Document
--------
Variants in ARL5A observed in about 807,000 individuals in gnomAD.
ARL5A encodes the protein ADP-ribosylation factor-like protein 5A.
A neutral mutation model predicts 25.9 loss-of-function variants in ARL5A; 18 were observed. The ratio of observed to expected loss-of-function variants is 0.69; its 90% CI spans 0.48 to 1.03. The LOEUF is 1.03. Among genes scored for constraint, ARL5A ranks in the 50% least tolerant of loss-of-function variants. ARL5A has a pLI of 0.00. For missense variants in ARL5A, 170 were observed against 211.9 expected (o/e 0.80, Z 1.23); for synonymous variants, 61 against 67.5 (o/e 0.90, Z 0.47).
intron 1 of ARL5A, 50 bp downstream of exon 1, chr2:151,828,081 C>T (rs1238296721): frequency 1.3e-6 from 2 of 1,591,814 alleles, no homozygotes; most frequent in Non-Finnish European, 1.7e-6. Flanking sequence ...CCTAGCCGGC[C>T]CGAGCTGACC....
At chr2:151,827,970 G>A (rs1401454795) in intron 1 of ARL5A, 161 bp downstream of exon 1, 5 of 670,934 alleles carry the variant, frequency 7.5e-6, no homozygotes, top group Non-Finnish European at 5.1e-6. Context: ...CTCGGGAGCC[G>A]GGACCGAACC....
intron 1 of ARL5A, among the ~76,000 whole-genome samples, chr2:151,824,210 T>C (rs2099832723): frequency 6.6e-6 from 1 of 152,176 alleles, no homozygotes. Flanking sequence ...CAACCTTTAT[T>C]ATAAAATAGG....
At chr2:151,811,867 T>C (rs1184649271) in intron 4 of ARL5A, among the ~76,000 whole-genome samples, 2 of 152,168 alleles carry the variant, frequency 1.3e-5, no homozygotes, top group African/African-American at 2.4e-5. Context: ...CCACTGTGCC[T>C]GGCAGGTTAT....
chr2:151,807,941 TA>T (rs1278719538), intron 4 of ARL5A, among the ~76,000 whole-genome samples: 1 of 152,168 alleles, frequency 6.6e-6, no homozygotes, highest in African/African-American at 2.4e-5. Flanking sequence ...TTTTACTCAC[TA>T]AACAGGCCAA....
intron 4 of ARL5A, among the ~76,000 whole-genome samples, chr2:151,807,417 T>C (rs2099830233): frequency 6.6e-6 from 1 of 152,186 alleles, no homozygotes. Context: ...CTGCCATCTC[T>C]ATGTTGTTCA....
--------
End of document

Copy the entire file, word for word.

Variants in ARL5A observed in about 807,000 individuals in gnomAD.
ARL5A encodes the protein ADP-ribosylation factor-like protein 5A.
A neutral mutation model predicts 25.9 loss-of-function variants in ARL5A; 18 were observed. The ratio of observed to expected loss-of-function variants is 0.69; its 90% CI spans 0.48 to 1.03. The LOEUF is 1.03. Among genes scored for constraint, ARL5A ranks in the 50% least tolerant of loss-of-function variants. ARL5A has a pLI of 0.00. For missense variants in ARL5A, 170 were observed against 211.9 expected (o/e 0.80, Z 1.23); for synonymous variants, 61 against 67.5 (o/e 0.90, Z 0.47).
intron 1 of ARL5A, 50 bp downstream of exon 1, chr2:151,828,081 C>T (rs1238296721): frequency 1.3e-6 from 2 of 1,591,814 alleles, no homozygotes; most frequent in Non-Finnish European, 1.7e-6. Flanking sequence ...CCTAGCCGGC[C>T]CGAGCTGACC....
At chr2:151,827,970 G>A (rs1401454795) in intron 1 of ARL5A, 161 bp downstream of exon 1, 5 of 670,934 alleles carry the variant, frequency 7.5e-6, no homozygotes, top group Non-Finnish European at 5.1e-6. Context: ...CTCGGGAGCC[G>A]GGACCGAACC....
intron 1 of ARL5A, among the ~76,000 whole-genome samples, chr2:151,824,210 T>C (rs2099832723): frequency 6.6e-6 from 1 of 152,176 alleles, no homozygotes. Flanking sequence ...CAACCTTTAT[T>C]ATAAAATAGG....
At chr2:151,811,867 T>C (rs1184649271) in intron 4 of ARL5A, among the ~76,000 whole-genome samples, 2 of 152,168 alleles carry the variant, frequency 1.3e-5, no homozygotes, top group African/African-American at 2.4e-5. Context: ...CCACTGTGCC[T>C]GGCAGGTTAT....
chr2:151,807,941 TA>T (rs1278719538), intron 4 of ARL5A, among the ~76,000 whole-genome samples: 1 of 152,168 alleles, frequency 6.6e-6, no homozygotes, highest in African/African-American at 2.4e-5. Flanking sequence ...TTTTACTCAC[TA>T]AACAGGCCAA....
intron 4 of ARL5A, among the ~76,000 whole-genome samples, chr2:151,807,417 T>C (rs2099830233): frequency 6.6e-6 from 1 of 152,186 alleles, no homozygotes. Context: ...CTGCCATCTC[T>C]ATGTTGTTCA....